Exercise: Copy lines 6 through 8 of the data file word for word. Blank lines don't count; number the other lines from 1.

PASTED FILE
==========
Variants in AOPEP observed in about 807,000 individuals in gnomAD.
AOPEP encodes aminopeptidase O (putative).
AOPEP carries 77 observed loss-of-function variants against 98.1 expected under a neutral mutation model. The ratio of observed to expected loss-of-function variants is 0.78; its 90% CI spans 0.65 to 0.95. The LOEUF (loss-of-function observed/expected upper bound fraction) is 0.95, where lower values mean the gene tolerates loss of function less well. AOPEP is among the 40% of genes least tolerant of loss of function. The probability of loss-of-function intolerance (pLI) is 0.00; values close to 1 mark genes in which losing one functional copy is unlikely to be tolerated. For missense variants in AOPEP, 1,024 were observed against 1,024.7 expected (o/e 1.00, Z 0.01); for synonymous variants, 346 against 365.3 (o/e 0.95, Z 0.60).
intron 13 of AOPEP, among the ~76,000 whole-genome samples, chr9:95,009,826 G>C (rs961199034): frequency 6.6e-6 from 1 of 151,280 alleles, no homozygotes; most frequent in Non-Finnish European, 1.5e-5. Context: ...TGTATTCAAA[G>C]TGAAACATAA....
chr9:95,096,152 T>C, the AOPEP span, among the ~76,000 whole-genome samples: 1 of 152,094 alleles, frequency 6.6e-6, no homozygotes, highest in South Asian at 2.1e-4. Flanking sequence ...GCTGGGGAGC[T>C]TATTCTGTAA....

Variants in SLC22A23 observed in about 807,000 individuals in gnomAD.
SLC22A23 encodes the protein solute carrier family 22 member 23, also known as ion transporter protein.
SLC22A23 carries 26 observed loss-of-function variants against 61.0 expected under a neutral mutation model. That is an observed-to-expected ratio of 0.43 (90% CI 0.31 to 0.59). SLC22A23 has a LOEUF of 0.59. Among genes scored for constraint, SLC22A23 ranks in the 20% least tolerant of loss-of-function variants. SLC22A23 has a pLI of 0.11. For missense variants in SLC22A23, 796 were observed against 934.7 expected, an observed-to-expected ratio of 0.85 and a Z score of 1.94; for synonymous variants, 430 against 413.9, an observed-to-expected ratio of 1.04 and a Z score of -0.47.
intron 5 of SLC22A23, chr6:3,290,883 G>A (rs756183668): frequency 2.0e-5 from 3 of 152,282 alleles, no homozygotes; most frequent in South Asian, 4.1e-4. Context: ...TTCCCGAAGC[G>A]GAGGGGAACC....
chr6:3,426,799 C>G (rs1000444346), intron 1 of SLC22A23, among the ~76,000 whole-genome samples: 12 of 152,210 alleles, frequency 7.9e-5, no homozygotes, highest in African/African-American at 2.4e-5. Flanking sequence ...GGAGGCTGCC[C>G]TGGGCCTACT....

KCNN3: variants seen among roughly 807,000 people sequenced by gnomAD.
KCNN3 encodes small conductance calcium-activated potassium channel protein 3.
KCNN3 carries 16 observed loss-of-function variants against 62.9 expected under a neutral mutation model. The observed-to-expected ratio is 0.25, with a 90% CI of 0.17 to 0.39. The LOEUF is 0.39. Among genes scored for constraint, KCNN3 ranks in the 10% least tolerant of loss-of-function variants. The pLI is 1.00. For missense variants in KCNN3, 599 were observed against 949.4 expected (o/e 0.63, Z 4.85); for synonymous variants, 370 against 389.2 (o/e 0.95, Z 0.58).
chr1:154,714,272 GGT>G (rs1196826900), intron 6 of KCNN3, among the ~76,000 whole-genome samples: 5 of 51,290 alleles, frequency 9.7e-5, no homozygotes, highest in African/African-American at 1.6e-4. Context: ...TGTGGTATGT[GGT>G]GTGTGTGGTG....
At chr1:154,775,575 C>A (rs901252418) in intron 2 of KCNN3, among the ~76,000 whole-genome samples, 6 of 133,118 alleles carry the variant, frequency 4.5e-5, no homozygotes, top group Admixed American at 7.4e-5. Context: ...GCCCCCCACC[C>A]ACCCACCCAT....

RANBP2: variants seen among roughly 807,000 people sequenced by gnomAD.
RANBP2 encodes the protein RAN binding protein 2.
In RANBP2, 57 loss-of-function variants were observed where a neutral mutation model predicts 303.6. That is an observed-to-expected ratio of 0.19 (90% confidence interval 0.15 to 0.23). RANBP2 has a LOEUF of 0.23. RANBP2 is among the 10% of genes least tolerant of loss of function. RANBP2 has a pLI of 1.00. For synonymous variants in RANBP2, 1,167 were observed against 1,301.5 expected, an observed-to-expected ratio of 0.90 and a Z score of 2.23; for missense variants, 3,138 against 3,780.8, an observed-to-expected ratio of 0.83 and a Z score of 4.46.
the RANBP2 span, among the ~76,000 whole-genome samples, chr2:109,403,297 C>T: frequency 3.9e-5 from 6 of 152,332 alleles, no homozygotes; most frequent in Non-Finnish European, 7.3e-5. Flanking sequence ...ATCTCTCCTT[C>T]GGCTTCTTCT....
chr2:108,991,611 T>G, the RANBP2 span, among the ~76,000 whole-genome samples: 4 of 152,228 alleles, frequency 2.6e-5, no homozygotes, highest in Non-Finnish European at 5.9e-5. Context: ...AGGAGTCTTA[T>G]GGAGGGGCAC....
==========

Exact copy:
Variants in SLC22A23 observed in about 807,000 individuals in gnomAD.
SLC22A23 encodes the protein solute carrier family 22 member 23, also known as ion transporter protein.
SLC22A23 carries 26 observed loss-of-function variants against 61.0 expected under a neutral mutation model. That is an observed-to-expected ratio of 0.43 (90% CI 0.31 to 0.59). SLC22A23 has a LOEUF of 0.59. Among genes scored for constraint, SLC22A23 ranks in the 20% least tolerant of loss-of-function variants. SLC22A23 has a pLI of 0.11. For missense variants in SLC22A23, 796 were observed against 934.7 expected, an observed-to-expected ratio of 0.85 and a Z score of 1.94; for synonymous variants, 430 against 413.9, an observed-to-expected ratio of 1.04 and a Z score of -0.47.